The UK has thrice as many bankers earning one million euros as all other EU countries put together, a study by the European Banking Authority has shown.
The research revealed that the UK saw more than 2,400 bankers getting a salary in excess of one million euros (£870,000) in 2011.
Out of the 3,175 bankers in the EU who are categorised as “high earners”, 2,436 of them are in the UK and 739 in the rest of the EU.
In 2011, the highest-paid UK bankers earned bonuses worth 2.72 billion euros in total, on top of 785 million euros in basic salaries.
In the UK’s roster of high earners, 1,809 were investment bankers, 85 were retail bankers, 182 were fund managers and 360 were classified as in other business areas.
Germany accounted for 170 bankers who were paid one million euros or more in 2011, and France was home to 162. While debt-ridden Spain has 125 of the high-earners, Italy has 96. The study also showed that some bankers in Cyprus, Greece, Portugal and Ireland earned more than one million euros despite being hit by the Eurozone crisis.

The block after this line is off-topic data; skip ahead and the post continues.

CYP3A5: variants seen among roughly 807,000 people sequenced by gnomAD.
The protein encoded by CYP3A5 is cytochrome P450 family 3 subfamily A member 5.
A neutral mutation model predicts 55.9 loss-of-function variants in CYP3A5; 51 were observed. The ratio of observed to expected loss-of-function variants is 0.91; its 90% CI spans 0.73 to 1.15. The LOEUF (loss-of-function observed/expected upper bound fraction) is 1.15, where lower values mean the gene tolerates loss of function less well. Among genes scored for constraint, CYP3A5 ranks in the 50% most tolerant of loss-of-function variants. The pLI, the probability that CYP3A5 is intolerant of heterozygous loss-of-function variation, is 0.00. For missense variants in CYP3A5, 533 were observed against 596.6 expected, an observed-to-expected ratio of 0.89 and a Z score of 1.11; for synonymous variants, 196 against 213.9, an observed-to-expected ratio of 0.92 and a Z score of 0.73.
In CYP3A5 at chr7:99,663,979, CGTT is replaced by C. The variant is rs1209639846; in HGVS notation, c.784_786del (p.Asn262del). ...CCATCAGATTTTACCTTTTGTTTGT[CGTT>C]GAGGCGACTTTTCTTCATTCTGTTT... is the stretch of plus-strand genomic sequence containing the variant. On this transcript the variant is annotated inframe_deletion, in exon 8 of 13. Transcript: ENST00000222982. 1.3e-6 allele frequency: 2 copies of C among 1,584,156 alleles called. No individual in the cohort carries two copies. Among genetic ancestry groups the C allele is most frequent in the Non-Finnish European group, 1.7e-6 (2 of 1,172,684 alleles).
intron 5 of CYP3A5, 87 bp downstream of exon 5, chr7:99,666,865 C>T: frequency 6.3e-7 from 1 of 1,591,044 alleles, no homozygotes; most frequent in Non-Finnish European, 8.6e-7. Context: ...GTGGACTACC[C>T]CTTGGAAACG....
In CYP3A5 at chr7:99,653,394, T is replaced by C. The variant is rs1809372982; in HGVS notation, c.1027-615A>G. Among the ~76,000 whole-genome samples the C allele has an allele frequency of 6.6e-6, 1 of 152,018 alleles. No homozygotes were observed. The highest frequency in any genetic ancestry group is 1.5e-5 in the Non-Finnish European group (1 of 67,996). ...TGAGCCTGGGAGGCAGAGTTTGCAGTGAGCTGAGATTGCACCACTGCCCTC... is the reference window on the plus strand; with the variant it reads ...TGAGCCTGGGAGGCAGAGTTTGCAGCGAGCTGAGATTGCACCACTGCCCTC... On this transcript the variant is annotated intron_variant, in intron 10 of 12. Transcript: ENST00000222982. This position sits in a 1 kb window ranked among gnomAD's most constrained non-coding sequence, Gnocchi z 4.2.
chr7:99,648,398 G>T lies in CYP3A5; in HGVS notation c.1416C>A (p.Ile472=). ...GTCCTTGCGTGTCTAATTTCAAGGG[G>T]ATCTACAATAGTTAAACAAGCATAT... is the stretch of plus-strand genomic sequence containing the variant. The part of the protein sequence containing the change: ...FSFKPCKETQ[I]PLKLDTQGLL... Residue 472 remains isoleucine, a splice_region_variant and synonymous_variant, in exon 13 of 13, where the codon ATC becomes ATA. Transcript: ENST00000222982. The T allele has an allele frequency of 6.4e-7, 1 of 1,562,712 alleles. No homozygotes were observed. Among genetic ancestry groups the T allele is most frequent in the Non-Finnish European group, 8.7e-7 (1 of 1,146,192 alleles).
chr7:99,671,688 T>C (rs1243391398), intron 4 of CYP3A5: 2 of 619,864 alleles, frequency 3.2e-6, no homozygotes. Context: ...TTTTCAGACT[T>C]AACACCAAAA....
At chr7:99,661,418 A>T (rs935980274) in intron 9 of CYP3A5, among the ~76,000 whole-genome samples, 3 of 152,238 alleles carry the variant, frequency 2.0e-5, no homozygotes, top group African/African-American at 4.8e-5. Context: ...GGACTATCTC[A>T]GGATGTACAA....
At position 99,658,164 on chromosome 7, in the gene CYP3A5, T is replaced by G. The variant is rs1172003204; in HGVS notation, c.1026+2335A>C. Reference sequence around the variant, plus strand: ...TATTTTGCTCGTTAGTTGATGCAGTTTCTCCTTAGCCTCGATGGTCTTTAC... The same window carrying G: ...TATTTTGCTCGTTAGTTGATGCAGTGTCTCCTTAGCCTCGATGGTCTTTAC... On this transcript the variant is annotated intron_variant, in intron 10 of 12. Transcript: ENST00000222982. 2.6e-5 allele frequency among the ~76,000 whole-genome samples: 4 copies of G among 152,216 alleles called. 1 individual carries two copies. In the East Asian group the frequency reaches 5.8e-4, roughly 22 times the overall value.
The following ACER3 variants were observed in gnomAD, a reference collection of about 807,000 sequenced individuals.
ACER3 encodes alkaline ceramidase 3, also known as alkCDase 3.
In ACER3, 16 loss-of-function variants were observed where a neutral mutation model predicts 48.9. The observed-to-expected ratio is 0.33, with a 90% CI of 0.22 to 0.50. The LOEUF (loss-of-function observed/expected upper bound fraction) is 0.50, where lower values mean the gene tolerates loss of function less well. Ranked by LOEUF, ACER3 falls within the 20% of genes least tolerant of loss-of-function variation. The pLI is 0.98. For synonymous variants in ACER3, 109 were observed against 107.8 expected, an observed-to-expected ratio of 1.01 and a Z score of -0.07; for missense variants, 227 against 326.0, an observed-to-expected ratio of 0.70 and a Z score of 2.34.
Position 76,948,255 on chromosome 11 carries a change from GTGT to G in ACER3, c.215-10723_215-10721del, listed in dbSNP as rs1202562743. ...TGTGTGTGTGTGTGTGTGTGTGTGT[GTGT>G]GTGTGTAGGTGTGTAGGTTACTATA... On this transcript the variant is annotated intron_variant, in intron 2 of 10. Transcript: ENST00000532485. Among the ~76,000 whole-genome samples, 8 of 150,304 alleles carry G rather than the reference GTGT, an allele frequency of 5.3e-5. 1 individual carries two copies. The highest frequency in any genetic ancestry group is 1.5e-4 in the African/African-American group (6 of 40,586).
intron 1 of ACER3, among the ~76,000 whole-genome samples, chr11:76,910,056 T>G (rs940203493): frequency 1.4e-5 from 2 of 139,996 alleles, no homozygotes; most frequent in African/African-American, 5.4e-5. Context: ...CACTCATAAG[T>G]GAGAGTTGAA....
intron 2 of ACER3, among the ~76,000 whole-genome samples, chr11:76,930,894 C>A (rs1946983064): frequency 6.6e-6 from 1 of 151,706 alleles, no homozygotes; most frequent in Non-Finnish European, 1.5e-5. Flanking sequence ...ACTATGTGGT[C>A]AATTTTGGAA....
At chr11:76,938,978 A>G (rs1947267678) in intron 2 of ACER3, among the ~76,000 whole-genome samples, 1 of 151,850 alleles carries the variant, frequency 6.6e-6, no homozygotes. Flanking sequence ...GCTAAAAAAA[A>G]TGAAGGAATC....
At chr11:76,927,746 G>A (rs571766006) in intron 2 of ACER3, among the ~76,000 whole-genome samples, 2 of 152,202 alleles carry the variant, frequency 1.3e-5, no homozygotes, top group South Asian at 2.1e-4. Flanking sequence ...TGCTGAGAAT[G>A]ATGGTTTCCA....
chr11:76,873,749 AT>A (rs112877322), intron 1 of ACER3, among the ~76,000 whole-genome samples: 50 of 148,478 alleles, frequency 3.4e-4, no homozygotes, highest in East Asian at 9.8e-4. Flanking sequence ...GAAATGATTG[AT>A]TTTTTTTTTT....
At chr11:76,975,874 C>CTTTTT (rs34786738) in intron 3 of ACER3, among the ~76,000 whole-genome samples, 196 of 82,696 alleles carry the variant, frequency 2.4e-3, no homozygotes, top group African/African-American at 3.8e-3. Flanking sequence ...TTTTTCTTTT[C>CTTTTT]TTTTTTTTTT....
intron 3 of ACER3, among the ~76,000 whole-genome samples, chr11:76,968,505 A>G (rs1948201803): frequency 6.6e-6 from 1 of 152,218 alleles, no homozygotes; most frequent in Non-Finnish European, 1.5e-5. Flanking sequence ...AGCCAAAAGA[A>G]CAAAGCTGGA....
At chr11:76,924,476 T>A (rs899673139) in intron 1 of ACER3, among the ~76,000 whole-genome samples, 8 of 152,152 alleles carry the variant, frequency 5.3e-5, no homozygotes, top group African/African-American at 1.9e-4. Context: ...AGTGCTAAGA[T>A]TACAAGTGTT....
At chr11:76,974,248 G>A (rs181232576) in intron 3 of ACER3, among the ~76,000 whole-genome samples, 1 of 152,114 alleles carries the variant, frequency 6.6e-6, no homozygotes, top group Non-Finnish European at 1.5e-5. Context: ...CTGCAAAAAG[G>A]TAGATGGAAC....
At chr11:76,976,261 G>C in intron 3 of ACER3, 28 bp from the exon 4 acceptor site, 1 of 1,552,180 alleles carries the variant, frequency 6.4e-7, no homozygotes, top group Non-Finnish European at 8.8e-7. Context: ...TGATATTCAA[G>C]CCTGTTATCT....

The number of high-earners has fallen since 2010 when 3,435 bankers across the EU earned more than a million euros. Out of the 3,435 bankers in the 2010 research, 2,525 bankers were in the UK.
Pat McFadden, a Labour MP who sits on the Treasury select committee, said: “These figures illustrate the on-going problem with huge salaries in banking at a time of austerity for most people. The problem with pay in banking is not just the high levels but that bonuses are paid out without risks being understood and on the basis of results that don’t look so good in the future.”
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